Using Crowdfunding As Part Of A Comprehensive Personal Finance StrategyPersonal_Finance / Money Making Mar 29, 2016 - 09:18 AM GMT
Crowdfunding is being used for everything these days, from launching promising startups to affording education. As you chart out your personal financial goals and the plan that you need to achieve them, you may find yourself wondering about the possibilities for crowdfunding to help you in your own life. This is especially true if you’re struggling with debt or if you can’t seem to get solid footing for yourself when it comes to paying your bills.
In some cases, crowdfunding is the right way to go, but you have to know what you’re doing; otherwise, you’ll earn zero donations, and you might damage your reputation in the process.
Know When It’s Right
There’s almost no objectively “wrong” way to ask for money via crowdfunding, but there’s some social etiquette to follow if you want to be respectful and to maximize your chances of success. For starters – and this should be obvious – only make a crowdfunding campaign if you truly need the money. This isn’t a way to generate passive income; it’s a way to help you get back on your feet. If you’re dealing with a genuine financial disaster, and you can’t afford to pay your bills or put food on the table, this is the time to ask for help.
You may also decide to crowdfund during a particularly exciting or momentous time in your life. For example, Plumfund suggests using their funding platform as a means of allowing baby shower attendants to pool their resources for bigger-ticket items.
Choose the Right Platform
Next, you’ll want to make sure that you’ve chosen the right platform for your crowdfunding efforts. Some platforms, like Kickstarter, have specific regulations that forbid any non-compliant posters from making their campaigns live. Most, like Indiegogo, will skim a little off the top to compensate them for use of the platform. Every platform has different demographics and different community expectations. Do your research in advance, and know what you’re getting into before you jump in blind.
Have a Measurable, Attainable Goal
You can’t just start a campaign asking for “money” or generic “donations.” You need to know exactly how much money you need. This goal should be both measurable and attainable. For example, if you’re trying to gather money for an important home repair that you can’t put off, show that you’ve already gathered several estimates; this makes your goal measurable. Then, make sure that your goal is realistic; if it’s too much money, people won’t donate. Consider asking for a fraction of the costs if it’s more than you can realistically hope to achieve.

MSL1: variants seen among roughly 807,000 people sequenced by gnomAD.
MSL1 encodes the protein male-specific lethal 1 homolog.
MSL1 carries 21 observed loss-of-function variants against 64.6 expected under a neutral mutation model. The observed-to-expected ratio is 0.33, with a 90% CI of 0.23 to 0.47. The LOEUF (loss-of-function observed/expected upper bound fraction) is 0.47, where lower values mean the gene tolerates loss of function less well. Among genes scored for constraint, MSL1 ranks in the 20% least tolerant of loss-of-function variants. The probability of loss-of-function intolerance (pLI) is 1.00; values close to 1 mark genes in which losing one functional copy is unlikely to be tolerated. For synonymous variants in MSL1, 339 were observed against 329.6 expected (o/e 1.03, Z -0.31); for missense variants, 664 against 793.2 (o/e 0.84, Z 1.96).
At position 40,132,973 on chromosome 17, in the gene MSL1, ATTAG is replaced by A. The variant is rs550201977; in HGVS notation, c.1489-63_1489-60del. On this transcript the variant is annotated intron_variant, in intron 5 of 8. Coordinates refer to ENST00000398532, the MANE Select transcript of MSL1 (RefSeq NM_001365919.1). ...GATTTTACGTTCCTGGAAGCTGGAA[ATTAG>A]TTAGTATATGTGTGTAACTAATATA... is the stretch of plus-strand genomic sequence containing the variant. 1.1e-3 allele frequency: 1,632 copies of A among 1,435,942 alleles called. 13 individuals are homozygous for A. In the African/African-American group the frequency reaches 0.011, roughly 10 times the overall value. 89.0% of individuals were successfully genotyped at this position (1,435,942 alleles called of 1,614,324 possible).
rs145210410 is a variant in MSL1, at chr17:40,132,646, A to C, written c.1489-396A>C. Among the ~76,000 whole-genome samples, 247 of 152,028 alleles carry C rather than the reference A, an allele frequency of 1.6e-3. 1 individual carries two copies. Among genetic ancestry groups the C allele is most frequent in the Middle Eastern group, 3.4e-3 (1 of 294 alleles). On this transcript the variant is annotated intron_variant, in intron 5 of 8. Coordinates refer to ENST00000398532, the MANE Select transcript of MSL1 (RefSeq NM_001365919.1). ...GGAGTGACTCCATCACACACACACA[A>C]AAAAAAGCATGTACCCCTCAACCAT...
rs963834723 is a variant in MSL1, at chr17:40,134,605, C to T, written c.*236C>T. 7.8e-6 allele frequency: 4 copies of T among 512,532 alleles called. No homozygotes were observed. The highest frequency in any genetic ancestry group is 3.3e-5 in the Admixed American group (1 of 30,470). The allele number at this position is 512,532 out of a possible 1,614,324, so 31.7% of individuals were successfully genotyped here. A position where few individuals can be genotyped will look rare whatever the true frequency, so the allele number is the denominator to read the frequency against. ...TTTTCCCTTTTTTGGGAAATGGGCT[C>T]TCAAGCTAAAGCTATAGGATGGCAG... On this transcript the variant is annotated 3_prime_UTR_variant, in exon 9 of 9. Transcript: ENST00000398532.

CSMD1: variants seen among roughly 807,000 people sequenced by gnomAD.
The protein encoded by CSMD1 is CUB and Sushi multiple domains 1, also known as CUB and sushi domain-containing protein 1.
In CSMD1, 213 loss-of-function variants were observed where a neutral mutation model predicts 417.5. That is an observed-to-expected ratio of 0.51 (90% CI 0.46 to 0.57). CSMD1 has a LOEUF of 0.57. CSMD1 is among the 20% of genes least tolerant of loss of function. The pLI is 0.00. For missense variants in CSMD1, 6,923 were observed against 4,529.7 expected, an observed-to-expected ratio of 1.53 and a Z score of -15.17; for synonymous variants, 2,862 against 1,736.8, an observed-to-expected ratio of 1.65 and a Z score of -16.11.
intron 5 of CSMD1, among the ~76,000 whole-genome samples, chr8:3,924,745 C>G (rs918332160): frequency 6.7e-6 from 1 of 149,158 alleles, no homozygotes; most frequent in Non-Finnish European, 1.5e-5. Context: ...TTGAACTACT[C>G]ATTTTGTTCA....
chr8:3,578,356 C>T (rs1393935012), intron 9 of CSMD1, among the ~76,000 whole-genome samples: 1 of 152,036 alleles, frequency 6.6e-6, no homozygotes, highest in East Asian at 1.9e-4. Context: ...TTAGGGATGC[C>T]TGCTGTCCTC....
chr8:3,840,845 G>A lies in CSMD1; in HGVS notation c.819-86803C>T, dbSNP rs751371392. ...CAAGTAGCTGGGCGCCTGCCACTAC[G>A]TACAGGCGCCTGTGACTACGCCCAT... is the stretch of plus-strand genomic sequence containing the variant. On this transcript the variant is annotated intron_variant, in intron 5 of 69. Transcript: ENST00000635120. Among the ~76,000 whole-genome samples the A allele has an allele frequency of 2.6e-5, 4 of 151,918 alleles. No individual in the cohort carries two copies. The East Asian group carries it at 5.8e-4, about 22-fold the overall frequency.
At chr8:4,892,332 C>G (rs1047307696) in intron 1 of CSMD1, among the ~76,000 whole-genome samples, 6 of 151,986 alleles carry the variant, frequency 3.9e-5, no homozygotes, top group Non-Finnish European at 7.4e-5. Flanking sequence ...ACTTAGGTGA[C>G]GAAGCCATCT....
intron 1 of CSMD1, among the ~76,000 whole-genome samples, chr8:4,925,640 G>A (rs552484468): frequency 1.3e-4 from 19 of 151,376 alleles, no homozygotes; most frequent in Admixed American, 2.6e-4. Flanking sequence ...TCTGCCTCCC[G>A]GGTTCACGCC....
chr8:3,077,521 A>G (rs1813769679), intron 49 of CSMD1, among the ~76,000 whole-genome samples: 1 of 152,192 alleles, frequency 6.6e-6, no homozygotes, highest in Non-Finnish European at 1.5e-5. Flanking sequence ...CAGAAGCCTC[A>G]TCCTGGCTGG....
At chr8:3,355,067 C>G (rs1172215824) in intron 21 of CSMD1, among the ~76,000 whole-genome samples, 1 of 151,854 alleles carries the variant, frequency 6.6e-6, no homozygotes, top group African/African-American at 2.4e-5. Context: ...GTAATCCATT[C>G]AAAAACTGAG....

Have an Action Plan
Develop an action plan for how, and when, you’re going to spend the money. This will convince the people in your life that you’ve thought this through and that their donations will make a positive impact, helping you to get more donations and to make a better impression at the same time. Even more importantly, it’ll give you a blueprint that you can use for your future. For example, if you’re trying to “start over,” you might explain that you’ll use the money as a down payment for a new apartment and to pay for a portion of your moving costs, then outline a plan for how you’re going to get a new job closer to your area of expertise and grow from there.
Express Humility and Gratitude
Crowdfunding campaigns give you ample opportunities to communicate with your audience: you can add more content to your campaign, post about your campaign on social media, and even talk about your campaign to friends and family in person. When you’re doing this, express as much humility and gratitude as you can. Show that you’re asking for these donations out of necessity, not out of greed or laziness. Show that you understand that anybody who donates is truly making a sacrifice, and express your appreciation for those who have already donated.
Your donors have made sacrifices to support you. You owe them thanks. After your campaign is over, show your appreciation for the support that everyone has given you, and do something special for them. This may be as simple as writing out a handwritten note to everyone who participated in your campaign, or it could be something more extravagant, like throwing a party when you finally do get back on your feet.
Pay It Forward
You’re doing this because you’re going through a challenging time, and you’re relying on other people who are more established to be there for you. Hopefully, with this aid, you’ll become more established in your own right, and you’ll be in the position to help someone else who’s fallen on challenging times. When you do come to that position, you owe it to them (and to yourself), to pay your good fortune forward and to help them out in their campaigns. Otherwise, the system isn’t going to work. Personal crowdfunding is a delicate balancing act of relationships and finances, so if you truly believe in the system, you have to be there on both sides.
Copyright © 2016 Larissa James - All Rights Reserved Disclaimer: The above is a matter of opinion provided for general information purposes only and is not intended as investment advice. Information and analysis above are derived from sources and utilising methods believed to be reliable, but we cannot accept responsibility for any losses you may incur as a result of this analysis. Individuals should consult with their personal financial advisors.
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